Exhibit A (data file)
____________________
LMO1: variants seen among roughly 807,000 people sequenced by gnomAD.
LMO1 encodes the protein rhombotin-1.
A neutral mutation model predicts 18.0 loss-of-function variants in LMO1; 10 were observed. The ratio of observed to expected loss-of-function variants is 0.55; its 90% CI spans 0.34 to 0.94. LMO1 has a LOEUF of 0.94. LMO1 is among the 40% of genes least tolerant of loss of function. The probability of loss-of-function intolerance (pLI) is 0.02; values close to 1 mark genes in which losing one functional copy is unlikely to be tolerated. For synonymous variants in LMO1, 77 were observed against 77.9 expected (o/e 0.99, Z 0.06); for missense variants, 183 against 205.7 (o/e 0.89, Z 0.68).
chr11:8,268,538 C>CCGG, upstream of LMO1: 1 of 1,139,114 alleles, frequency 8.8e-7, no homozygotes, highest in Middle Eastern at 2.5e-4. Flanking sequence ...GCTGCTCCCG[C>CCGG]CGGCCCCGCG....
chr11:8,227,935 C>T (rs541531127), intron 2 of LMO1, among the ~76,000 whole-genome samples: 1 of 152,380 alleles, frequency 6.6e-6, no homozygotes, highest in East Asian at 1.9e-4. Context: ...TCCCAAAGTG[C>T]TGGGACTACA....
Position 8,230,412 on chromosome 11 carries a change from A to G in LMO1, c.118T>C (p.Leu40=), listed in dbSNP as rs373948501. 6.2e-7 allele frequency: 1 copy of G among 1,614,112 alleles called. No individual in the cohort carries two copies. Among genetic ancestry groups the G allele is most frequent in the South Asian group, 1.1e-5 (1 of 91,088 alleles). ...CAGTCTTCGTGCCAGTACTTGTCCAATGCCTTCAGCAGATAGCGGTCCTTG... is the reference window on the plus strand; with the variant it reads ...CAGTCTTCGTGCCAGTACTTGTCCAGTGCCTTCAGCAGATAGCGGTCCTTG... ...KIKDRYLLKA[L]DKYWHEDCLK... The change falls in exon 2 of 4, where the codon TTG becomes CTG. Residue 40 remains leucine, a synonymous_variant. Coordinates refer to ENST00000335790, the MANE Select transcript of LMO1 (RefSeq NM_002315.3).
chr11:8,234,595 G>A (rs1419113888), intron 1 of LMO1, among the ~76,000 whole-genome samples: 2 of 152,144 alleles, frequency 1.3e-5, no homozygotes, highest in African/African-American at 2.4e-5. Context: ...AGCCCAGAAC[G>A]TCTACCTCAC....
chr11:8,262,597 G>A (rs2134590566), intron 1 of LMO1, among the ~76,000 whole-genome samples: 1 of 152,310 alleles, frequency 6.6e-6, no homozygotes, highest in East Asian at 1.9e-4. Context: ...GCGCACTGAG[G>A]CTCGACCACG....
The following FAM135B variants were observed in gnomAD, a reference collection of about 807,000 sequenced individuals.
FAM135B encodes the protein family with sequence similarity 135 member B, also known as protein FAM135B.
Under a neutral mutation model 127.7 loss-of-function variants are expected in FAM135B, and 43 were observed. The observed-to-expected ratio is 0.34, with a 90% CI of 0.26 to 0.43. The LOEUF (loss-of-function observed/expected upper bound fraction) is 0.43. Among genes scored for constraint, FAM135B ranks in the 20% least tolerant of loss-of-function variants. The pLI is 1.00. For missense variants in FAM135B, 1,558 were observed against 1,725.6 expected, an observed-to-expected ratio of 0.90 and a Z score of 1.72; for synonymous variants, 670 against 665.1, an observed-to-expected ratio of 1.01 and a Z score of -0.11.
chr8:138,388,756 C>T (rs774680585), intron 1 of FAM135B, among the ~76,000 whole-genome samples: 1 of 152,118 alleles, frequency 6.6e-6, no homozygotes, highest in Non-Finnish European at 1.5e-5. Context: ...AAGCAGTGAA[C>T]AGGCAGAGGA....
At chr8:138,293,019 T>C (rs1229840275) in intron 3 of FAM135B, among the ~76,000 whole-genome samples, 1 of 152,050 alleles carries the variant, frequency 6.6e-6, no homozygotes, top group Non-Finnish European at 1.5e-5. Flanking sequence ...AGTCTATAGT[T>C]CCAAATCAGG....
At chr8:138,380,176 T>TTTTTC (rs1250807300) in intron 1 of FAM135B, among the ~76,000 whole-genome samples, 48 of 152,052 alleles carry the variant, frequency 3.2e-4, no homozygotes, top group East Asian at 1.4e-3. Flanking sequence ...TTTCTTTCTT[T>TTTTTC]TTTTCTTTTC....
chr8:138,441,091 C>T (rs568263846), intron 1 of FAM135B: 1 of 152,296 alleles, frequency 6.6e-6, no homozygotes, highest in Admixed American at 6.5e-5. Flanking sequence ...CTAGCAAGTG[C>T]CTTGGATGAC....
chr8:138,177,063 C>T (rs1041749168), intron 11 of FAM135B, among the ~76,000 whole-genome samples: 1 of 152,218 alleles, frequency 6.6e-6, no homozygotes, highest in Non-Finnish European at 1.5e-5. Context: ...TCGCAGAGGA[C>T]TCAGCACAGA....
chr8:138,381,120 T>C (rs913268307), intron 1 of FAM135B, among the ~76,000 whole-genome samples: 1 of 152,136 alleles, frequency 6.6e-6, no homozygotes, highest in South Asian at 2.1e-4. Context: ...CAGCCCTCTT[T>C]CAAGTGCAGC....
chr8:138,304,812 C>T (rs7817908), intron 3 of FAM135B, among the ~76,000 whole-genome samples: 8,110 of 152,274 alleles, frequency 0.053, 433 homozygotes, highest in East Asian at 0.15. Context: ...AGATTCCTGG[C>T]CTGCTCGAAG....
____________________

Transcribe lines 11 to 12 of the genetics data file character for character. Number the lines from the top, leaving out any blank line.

Under a neutral mutation model 127.7 loss-of-function variants are expected in FAM135B, and 43 were observed. The observed-to-expected ratio is 0.34, with a 90% CI of 0.26 to 0.43. The LOEUF (loss-of-function observed/expected upper bound fraction) is 0.43. Among genes scored for constraint, FAM135B ranks in the 20% least tolerant of loss-of-function variants. The pLI is 1.00. For missense variants in FAM135B, 1,558 were observed against 1,725.6 expected, an observed-to-expected ratio of 0.90 and a Z score of 1.72; for synonymous variants, 670 against 665.1, an observed-to-expected ratio of 1.01 and a Z score of -0.11.
chr8:138,388,756 C>T (rs774680585), intron 1 of FAM135B, among the ~76,000 whole-genome samples: 1 of 152,118 alleles, frequency 6.6e-6, no homozygotes, highest in Non-Finnish European at 1.5e-5. Context: ...AAGCAGTGAA[C>T]AGGCAGAGGA....